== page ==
Part 1 of this blog series described the genesis and current state of affairs of Workday – a novel company that was founded in March 2005 and launched in November 2006 by two great IT minds and PeopleSoft alumni: Dave Duffield and Aneel Bhusri. Part 2 of this series then got under the hood and analyzed Workday’s secret sauce: its object-oriented and in-memory database (IMDB) and definitional services approach, which involves no coding by developers.
The final part of this series will discuss who should be a good fit for Workday and who might not, and why.
Who Should Give Workday a Go?
Workday’s results and growth in these recent (otherwise tough) years should speak volumes about the company’s attractive value proposition to some organizations. Certainly, as long-tenured ex-PeopleSoft executives employees, Workday’s management and staff must have known about all of the unhappy PeopleSoft customers in the world, and they had a good target audience from the start. The company’s ideal prospective customer is a large multi-national enterprise that needs global human capital management (HCM), a payroll and/or financial management system, and sees the advantages of on-demand software.
In other words, Workday should be a good fit for global companies that are comfortable adopting the newest technologies. These high-growth and dynamic businesses not only tend to lean more toward bleeding-edge technologies, but should also benefit from the tools’ flexibility to reorganize the organization frequently. Ideally, these would be those companies that thought that they were getting Workday when they bought and installed an on-premise administrative enterprise resource planning (ERP) system over a decade ago (e.g., PeopleSoft 7x or SAP R/3 3x or 4x).
The company has an established presence and bandwidth in North America and Europe, the Middle-East, and Africa (EMEA), and only an early presence in the Asia-Pacific region with the recently opened office in Hong Kong. For now, Workday remains focused on providing an administrative ERP system (i.e., HCM, payroll, finance, expense management, and project management) rather than a full-fledged ERP system, and its partner ecosystem is expanding.
Not for the Faint of Heart (and Other Situations)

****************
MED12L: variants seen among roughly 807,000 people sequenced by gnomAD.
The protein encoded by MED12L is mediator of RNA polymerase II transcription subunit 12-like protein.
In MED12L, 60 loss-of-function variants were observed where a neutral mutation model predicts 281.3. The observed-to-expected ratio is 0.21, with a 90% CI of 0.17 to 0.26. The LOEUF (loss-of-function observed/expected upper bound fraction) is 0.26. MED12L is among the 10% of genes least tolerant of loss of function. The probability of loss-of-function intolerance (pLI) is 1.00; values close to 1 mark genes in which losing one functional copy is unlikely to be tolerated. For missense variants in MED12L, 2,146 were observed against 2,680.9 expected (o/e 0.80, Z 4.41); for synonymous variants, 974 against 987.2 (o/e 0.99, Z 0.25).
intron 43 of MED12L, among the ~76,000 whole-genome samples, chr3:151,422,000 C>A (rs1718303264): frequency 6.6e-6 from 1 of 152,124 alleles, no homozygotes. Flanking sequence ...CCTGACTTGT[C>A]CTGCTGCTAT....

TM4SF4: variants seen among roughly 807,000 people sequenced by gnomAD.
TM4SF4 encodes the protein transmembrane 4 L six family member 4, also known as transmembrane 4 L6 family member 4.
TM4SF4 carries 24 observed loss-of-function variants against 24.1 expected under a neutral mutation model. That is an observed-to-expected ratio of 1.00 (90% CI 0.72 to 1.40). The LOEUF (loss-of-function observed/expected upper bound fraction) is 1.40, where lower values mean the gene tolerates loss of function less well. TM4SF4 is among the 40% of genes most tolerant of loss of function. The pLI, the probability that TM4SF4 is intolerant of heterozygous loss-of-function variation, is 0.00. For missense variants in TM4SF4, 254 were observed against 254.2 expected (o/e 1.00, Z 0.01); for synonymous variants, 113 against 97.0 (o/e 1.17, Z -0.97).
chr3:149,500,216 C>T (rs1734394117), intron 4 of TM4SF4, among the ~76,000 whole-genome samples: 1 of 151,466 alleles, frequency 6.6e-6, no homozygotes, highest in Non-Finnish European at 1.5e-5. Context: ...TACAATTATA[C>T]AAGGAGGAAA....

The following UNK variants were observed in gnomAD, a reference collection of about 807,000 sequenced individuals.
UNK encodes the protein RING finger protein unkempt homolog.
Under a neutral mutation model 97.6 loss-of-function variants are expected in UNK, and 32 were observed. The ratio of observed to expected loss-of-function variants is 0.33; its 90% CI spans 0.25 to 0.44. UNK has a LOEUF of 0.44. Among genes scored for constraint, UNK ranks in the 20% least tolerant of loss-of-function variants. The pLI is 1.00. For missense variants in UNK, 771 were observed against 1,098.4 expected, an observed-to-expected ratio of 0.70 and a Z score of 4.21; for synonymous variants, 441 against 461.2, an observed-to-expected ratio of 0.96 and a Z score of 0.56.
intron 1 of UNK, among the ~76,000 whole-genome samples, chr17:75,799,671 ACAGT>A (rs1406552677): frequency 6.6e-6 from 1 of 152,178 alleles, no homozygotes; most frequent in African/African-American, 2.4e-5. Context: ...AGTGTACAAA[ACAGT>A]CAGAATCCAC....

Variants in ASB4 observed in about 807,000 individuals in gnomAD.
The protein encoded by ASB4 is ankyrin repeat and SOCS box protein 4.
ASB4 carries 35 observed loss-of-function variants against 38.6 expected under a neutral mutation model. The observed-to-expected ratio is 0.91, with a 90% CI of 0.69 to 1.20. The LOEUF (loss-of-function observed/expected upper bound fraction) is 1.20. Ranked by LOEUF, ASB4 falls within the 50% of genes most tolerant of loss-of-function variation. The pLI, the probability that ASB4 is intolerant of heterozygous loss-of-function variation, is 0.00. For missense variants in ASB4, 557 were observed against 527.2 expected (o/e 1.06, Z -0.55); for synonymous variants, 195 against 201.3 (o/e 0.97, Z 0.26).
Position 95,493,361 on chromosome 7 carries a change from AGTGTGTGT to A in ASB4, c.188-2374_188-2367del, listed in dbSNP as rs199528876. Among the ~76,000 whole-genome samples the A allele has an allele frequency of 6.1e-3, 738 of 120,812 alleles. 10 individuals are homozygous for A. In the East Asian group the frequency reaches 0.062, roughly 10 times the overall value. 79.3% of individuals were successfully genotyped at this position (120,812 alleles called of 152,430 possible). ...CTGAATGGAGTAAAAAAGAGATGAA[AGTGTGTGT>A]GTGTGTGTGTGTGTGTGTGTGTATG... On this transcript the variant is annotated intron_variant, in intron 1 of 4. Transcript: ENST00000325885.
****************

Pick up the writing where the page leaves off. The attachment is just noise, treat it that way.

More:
Workday’s clever architecture has managed to avoid the flaws of a static relational database and could play a major role as a global HCM, payroll, and/or financial management software provider. As described in Part 2, the key Workday concept is that the system only requires several tables to store data (in its object database) and that the behavior of the system is configured by describing objects and the behavior/rules of these objects. But the question is: how much can it be configured by the end-users vs. by developers and power users in the system? In other words: can the end user/customer freely define and change the objects and these “rules”? Or are they depending on some form of system delivery?
Over time and with continually delivered enhancements, all functionality is configurable in Workday by end-users and/or customers nowadays. The only exception at this stage is integration, which still requires IT staff’s involvement. Since Workday’s object model is built in a proprietary architecture, this means that power users have to know this architecture intimately to make any integration changes. Workday’s Enterprise Interface Builder (EIB) allows business users to do simple integrations themselves, without the help of IT. Reportedly, 95 percent of Workday production customers use EIB for simple inbound and outbound integrations.
Too much system flexibility and end-user leverage might not appeal to some conservative and faint-hearted companies. As Jason Busch describes in his Spend Matters blog post, there is a limit to a procurement manager’s ability to tightly control and monitor a closed-loop spending process — one that starts with up-front spend capture, analysis, and negotiation and then progresses to supplier enablement, catalog management, requisitioning, invoicing (and the broader concept of electronic invoice presentment and payment) and finally contract management and contract compliance. In other words, some smaller and conservative companies might prefer the hard-coded and rigid nature (best practices boilerplates) of their enterprise software packages. They do not necessarily want their end-users to get to “creative,” in other words.
Not the Only Malleable System in Town
In addition, Workday is not the only “malleable system” and “post-implementation agility” game in town. For example, Agresso (now part of UNIT4) managed to avoid the flaws of a static relational database a long time ago and in a different way. As described in my 2009 series, Agresso’s VITA architecture, attribute/relations, and the so-called “flexi fields” allow customers and end-users to create their own objects without coding, only via configuration in the graphical user interface (GUI). Furthermore, these objects can be changed at any time as can their behavior and the relationships between them.